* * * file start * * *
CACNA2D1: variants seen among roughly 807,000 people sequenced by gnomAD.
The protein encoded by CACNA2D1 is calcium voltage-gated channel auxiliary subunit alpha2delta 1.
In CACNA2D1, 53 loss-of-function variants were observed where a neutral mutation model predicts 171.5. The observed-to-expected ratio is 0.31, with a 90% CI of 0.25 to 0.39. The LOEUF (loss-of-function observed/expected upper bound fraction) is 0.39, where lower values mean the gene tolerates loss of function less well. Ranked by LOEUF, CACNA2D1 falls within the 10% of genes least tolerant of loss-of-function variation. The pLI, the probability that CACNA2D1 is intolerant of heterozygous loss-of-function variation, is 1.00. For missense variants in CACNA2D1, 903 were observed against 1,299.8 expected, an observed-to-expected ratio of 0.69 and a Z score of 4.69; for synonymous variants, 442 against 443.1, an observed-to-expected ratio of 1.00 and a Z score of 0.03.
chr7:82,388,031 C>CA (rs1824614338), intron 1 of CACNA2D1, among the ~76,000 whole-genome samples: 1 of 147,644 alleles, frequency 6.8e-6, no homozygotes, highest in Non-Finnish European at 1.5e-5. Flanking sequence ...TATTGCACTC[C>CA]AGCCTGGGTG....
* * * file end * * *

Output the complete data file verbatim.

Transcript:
CACNA2D1: variants seen among roughly 807,000 people sequenced by gnomAD.
The protein encoded by CACNA2D1 is calcium voltage-gated channel auxiliary subunit alpha2delta 1.
In CACNA2D1, 53 loss-of-function variants were observed where a neutral mutation model predicts 171.5. The observed-to-expected ratio is 0.31, with a 90% CI of 0.25 to 0.39. The LOEUF (loss-of-function observed/expected upper bound fraction) is 0.39, where lower values mean the gene tolerates loss of function less well. Ranked by LOEUF, CACNA2D1 falls within the 10% of genes least tolerant of loss-of-function variation. The pLI, the probability that CACNA2D1 is intolerant of heterozygous loss-of-function variation, is 1.00. For missense variants in CACNA2D1, 903 were observed against 1,299.8 expected, an observed-to-expected ratio of 0.69 and a Z score of 4.69; for synonymous variants, 442 against 443.1, an observed-to-expected ratio of 1.00 and a Z score of 0.03.
chr7:82,388,031 C>CA (rs1824614338), intron 1 of CACNA2D1, among the ~76,000 whole-genome samples: 1 of 147,644 alleles, frequency 6.8e-6, no homozygotes, highest in Non-Finnish European at 1.5e-5. Flanking sequence ...TATTGCACTC[C>CA]AGCCTGGGTG....